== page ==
I am a cultural historian of science and visual culture who researches paradoxes of visual representation and their histories. I'm a liberal arts instructor at SCI-Arc. And I've worked at The Huntington Library, the Hammer, and the Getty Research Institute.
I seek out the corners where disciplines meet. As an undergraduate at Harvard, I practiced art history and art-making. As a master's student in the History, Theory, and Criticism of Architecture and Art program at MIT, I studied the history of a nineteenth-century French anatomical atlas amid futurists, urban planners, and architects. While working towards my PhD in Harvard's Department of the History of Science, I traveled deeper into the past, trying to understand how pictures not only illustrated but constituted the seventeenth century's new physics. That's what my book manuscript, Picture and Polemic: Figuring Descartes's Natural Philosophy is all about. An article based on the book's first chapter is forthcoming in the Journal of the History of Ideas. I'll be sure to talk your ear off about it the next time we meet, but only if you promise to tell me about you first.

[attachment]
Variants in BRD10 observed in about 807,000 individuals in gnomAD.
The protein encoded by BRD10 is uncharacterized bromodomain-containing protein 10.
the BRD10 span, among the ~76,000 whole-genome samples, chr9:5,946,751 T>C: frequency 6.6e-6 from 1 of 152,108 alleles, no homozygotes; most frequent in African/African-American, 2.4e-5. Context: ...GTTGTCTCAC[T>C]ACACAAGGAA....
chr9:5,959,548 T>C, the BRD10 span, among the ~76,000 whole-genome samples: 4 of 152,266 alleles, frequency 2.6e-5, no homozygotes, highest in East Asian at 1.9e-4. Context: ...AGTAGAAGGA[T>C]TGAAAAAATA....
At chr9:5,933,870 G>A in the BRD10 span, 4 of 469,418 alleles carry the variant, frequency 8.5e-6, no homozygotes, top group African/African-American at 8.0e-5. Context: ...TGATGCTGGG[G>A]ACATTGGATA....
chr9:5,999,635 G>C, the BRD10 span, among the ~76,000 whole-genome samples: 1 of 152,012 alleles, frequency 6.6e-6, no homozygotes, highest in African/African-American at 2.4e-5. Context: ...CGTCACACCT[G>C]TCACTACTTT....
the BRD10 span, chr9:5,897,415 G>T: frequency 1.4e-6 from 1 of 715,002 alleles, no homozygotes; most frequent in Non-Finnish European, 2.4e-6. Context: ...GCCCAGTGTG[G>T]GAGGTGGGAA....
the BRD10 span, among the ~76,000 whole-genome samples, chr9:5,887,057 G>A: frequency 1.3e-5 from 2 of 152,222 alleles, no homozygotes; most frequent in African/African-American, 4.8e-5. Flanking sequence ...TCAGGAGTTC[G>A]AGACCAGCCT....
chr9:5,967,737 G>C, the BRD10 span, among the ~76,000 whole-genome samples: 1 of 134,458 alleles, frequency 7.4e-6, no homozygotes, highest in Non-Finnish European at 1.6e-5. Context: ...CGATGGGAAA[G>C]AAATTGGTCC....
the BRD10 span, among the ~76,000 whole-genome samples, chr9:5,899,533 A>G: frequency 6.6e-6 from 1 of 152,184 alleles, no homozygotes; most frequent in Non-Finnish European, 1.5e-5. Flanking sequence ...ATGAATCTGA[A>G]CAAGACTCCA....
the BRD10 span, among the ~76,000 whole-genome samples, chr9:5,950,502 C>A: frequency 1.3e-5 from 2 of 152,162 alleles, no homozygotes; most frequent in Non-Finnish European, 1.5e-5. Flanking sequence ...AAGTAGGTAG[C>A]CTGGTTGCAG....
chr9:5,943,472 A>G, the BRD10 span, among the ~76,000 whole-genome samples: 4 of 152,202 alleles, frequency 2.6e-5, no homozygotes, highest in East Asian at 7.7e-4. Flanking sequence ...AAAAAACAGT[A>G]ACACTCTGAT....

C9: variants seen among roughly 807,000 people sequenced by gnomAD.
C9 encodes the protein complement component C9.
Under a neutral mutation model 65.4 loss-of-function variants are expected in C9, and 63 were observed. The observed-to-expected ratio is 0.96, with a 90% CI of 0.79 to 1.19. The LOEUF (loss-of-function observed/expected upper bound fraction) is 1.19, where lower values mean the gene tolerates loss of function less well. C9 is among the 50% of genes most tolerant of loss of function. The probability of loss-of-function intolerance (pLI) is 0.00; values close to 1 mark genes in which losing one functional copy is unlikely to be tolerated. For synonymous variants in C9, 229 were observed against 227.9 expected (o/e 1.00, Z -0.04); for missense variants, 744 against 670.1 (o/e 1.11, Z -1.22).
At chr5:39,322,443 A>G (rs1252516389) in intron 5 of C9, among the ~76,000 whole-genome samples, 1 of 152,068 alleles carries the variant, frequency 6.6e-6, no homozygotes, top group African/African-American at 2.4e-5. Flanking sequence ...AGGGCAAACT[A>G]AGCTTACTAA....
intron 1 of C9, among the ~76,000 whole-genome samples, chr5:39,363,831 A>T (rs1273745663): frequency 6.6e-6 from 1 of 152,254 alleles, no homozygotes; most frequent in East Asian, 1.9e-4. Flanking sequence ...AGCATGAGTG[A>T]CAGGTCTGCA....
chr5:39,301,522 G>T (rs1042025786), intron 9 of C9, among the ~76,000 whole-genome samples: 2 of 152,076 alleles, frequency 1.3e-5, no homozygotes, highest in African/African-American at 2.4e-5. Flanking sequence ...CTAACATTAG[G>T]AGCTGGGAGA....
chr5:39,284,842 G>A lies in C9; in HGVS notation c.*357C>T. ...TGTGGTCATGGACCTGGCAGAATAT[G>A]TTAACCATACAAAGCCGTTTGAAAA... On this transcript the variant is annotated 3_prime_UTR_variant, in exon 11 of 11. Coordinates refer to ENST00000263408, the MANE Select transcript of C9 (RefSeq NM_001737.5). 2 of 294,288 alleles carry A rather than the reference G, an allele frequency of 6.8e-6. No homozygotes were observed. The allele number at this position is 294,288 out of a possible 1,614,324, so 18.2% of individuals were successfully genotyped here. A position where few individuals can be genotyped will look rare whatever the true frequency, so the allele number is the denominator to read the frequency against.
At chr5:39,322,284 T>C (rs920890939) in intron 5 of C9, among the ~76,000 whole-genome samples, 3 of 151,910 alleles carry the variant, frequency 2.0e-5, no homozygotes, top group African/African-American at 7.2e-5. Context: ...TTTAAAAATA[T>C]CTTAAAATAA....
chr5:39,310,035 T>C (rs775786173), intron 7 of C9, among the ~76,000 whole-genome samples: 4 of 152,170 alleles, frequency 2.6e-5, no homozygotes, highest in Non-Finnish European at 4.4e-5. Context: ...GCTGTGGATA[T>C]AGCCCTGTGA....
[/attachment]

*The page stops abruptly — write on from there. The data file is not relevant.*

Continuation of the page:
Growing up in Los Angeles fostered my deep affection for driving and for eclecticism of all kinds. While coasting (or being bumper to bumper) on the 210 and the 101, you can find me listening to The Great Debates, Call Your Girlfriend, and the Slate Culture Gabfest. When I'm not on the road, I'm likely reading Maggie Nelson's The Argonauts (again); trying to find that perfect Bitmoji; watching Westworld; or playing Carly Rae Jepson's Emotion on repeat.